This Chopra chap is one of those despicable Hindus who are willing to stab their own religion and culture in the back if someone pays adequate price for the act. This charlatan has made a career out of repackaging Hindu philosophy for the Westerners and pulling in bags of money. However, don’t ever expect him to acknowledge where he is lifting his ideas from or even admit he is a Hindu.
Now, he is claiming that anyone who says Yoga is a part of Hinduism is a Hindu fundamentalist and Yoga did not originate from Hinduism but “pure consciousness.” Chopra has made a fortune by gyrating his backside in front of Westerners and serving them plagiarised Hindu philosophy to feed their spiritual emptiness, making a fast buck in the process.
Sorry, your patent on yoga has run out
In his recent article for On Faith, Aseem Shukla laments the disconnect between yoga and its origins in Hinduism. He’s certainly right that the practice of Yoga has become a “spiritual discipline” that is open to anyone of any faith. But it’s strange to find him disapproving of this fact, for several reasons.
First, yoga is a spiritual discipline in India, and always has been. The aim of the practice is liberation. When liberation occurs, the yogi is freed from the religious trappings that enclose Yoga. Those trappings have always been incidental to the deeper aim of enlightenment.
Secondly, yoga did not originate in Hinduism as Prof. Shukla claims. Perhaps he has a fundamentalist agenda in mind, but he must know very well that the rise of Hinduism as a religion came centuries after the foundation of yoga in consciousness and consciousness alone. Religious rites and the worship of gods has always been seen as being in service to a higher cause, knowing the self.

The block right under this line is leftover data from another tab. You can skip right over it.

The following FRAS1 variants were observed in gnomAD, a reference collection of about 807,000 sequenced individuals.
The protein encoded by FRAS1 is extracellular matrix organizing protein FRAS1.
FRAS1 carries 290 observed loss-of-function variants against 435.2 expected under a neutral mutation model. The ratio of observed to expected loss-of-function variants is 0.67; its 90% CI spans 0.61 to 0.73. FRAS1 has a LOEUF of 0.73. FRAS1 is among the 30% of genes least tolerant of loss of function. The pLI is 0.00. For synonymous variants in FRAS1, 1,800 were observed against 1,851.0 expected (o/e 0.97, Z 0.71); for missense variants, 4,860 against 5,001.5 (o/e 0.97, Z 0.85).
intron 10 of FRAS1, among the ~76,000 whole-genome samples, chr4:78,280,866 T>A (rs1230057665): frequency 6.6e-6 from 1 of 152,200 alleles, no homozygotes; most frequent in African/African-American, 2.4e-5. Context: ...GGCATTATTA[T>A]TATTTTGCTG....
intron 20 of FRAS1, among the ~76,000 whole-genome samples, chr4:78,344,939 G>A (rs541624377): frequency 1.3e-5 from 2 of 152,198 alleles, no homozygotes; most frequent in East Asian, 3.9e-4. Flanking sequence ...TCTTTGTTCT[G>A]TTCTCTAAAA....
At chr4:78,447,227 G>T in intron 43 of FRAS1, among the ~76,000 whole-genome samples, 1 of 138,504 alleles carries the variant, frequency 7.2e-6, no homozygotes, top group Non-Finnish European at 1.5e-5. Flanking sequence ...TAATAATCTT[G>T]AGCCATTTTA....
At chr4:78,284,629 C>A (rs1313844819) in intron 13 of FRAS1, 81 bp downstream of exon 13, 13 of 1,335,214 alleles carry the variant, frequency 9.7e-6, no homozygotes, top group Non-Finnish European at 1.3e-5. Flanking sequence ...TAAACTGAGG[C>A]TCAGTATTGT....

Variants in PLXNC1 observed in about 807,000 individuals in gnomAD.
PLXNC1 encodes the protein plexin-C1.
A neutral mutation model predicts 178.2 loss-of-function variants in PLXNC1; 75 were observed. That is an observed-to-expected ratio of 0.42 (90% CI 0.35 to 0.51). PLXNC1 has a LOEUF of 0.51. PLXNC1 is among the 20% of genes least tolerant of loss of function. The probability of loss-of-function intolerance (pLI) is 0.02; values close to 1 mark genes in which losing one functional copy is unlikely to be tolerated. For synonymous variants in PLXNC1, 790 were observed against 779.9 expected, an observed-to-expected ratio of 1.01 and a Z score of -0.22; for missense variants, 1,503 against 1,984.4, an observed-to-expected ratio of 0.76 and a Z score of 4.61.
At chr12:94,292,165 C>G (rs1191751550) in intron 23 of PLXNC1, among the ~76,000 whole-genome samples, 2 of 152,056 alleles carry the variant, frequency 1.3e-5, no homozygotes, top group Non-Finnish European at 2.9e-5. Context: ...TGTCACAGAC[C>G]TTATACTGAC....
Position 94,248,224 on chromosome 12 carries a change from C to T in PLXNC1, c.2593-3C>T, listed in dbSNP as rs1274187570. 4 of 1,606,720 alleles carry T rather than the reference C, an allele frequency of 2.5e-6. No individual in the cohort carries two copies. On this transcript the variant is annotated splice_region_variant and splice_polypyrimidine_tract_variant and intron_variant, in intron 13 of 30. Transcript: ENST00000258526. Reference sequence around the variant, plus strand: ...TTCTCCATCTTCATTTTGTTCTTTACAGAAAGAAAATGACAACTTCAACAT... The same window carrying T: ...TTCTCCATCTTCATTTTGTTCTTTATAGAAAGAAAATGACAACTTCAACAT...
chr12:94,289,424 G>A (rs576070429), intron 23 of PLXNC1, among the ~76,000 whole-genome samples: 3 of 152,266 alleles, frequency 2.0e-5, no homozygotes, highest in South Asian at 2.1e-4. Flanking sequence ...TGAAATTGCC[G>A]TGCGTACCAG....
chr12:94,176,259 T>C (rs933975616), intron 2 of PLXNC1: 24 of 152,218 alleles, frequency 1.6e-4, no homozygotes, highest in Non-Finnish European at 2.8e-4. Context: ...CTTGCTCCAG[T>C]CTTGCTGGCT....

Beneath Shukla’s complaints one detects the resentment of an inventor who discovered Coca-Cola or Teflon but neglected to patent it. Isn’t that a rather petty basis for drawing such a negative picture? Most Indians, when they contemplate the immense popularity of yoga in the U.S. may smile at the pop aspects of the phenomenon but feel on the whole that something good is happening. Shukla regards the same scene with a withering frown.
If you strip away his sour mood and questionable assumptions, I think Shukla’s real lament is like that of Jews who see the young fleeing from the old ways and Christians sitting in half-empty churches. To him it could be said what is often said to these other religionists. Maybe it’s you who haven’t found a way to keep the temples, synagogues, and churches full. That’s a very different matter from the millions who are finding a spiritual path on their own, outside organized religion. If yoga serves them, we should be celebrating any step of progress being made, through whatever means.